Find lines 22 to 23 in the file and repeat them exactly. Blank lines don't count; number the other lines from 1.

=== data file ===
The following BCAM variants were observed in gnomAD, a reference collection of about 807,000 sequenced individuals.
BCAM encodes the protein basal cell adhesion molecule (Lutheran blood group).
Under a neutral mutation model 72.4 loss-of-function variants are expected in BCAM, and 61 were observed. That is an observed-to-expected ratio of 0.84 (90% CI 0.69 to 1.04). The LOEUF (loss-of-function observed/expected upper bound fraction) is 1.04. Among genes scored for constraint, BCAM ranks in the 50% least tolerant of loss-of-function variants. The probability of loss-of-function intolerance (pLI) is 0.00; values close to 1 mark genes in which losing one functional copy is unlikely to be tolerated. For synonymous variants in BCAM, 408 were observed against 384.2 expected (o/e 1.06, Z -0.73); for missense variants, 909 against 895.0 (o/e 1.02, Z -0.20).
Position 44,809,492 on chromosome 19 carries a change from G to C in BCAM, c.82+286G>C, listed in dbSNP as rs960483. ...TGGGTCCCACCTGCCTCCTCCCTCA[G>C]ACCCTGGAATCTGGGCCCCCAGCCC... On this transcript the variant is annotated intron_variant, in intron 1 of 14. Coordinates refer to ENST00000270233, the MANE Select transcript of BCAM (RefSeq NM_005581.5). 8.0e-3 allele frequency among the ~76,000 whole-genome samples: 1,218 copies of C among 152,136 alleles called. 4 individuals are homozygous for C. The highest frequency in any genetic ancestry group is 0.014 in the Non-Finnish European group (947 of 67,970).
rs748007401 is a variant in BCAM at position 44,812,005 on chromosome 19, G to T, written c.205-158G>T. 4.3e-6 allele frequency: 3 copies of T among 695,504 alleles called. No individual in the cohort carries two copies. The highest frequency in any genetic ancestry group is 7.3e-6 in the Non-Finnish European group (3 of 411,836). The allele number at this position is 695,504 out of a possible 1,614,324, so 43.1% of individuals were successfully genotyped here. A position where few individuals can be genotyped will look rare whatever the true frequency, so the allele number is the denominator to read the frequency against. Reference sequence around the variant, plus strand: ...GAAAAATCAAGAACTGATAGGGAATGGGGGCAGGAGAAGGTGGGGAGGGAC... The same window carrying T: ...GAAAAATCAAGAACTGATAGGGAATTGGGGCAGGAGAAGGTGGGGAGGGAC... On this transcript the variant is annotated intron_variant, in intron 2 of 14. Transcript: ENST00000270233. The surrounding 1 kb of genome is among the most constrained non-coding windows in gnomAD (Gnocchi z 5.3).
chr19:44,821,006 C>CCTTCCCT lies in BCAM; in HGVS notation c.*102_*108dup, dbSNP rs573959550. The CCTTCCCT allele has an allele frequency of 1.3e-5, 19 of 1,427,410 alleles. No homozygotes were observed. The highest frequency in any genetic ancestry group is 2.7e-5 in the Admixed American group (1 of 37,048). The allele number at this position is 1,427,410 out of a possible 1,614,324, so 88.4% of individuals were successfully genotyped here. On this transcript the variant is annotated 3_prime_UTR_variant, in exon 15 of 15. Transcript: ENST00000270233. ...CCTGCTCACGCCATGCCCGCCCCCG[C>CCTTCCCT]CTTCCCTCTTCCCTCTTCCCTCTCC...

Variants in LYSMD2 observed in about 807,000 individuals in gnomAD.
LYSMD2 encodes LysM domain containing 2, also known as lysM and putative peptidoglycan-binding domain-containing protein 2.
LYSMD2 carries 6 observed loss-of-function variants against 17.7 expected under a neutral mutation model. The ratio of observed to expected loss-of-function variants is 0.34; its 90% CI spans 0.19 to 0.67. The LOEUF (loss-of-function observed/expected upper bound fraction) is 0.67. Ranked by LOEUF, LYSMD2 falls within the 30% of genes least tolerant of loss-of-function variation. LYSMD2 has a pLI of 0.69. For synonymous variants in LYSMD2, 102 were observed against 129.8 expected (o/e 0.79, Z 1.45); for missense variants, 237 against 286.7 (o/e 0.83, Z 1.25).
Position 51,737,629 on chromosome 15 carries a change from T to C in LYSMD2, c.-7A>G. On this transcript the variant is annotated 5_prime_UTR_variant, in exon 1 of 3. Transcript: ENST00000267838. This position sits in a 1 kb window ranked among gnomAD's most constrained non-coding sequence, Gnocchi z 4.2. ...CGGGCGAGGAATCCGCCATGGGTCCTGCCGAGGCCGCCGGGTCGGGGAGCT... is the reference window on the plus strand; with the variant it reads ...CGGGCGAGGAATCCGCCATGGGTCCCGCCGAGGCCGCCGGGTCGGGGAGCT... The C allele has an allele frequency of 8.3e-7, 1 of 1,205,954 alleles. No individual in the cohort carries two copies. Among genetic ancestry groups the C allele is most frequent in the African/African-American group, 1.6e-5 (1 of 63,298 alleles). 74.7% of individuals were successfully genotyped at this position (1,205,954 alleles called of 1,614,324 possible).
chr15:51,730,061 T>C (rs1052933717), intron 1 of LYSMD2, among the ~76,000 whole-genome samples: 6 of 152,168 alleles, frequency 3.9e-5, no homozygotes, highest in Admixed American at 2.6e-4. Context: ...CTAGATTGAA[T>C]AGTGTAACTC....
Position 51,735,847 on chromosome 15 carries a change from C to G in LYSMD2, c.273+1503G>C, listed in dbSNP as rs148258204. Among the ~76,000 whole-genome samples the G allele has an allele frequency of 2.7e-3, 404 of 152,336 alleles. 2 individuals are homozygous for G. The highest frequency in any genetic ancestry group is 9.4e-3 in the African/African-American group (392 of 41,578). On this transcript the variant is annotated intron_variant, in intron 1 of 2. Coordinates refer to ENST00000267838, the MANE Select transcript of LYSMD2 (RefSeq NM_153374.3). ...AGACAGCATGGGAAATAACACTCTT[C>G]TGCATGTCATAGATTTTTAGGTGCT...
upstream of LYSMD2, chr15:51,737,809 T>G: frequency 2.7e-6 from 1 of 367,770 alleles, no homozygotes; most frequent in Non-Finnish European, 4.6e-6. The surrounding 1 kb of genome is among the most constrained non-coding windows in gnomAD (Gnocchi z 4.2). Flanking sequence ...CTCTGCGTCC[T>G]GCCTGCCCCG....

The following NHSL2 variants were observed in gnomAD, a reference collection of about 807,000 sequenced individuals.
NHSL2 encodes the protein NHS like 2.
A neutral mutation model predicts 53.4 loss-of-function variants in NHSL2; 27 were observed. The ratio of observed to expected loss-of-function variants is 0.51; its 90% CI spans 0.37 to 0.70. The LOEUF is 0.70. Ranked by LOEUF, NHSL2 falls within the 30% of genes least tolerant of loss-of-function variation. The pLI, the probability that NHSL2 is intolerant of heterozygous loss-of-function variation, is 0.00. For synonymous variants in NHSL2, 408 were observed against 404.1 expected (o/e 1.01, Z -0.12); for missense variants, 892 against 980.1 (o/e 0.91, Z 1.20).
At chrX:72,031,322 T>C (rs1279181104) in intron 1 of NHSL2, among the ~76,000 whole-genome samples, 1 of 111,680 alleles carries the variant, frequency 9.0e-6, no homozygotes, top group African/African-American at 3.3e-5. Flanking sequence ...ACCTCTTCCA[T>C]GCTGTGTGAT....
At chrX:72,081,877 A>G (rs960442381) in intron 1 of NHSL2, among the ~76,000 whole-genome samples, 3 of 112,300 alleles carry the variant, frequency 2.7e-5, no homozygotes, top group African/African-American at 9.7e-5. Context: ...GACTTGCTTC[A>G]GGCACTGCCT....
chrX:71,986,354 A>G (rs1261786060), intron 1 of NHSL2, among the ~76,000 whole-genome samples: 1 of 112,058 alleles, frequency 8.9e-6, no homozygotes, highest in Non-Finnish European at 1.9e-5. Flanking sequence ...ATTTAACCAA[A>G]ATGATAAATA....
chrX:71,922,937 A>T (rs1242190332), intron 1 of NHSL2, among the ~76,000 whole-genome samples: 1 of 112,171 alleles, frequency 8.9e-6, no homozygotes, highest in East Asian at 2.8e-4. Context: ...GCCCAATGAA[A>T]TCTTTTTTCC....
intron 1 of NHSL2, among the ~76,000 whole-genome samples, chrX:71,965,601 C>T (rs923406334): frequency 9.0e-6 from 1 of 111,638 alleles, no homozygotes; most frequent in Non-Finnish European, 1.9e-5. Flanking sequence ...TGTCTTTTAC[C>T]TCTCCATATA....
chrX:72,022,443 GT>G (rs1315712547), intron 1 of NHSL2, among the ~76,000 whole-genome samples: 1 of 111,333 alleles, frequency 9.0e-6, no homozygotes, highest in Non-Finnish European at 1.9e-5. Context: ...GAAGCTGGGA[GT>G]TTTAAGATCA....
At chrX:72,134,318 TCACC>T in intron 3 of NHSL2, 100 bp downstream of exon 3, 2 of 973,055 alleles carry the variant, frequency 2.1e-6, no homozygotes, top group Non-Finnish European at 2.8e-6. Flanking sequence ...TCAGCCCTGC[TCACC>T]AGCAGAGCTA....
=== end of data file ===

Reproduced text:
chrX:72,022,443 GT>G (rs1315712547), intron 1 of NHSL2, among the ~76,000 whole-genome samples: 1 of 111,333 alleles, frequency 9.0e-6, no homozygotes, highest in Non-Finnish European at 1.9e-5. Context: ...GAAGCTGGGA[GT>G]TTTAAGATCA....
At chrX:72,134,318 TCACC>T in intron 3 of NHSL2, 100 bp downstream of exon 3, 2 of 973,055 alleles carry the variant, frequency 2.1e-6, no homozygotes, top group Non-Finnish European at 2.8e-6. Flanking sequence ...TCAGCCCTGC[TCACC>T]AGCAGAGCTA....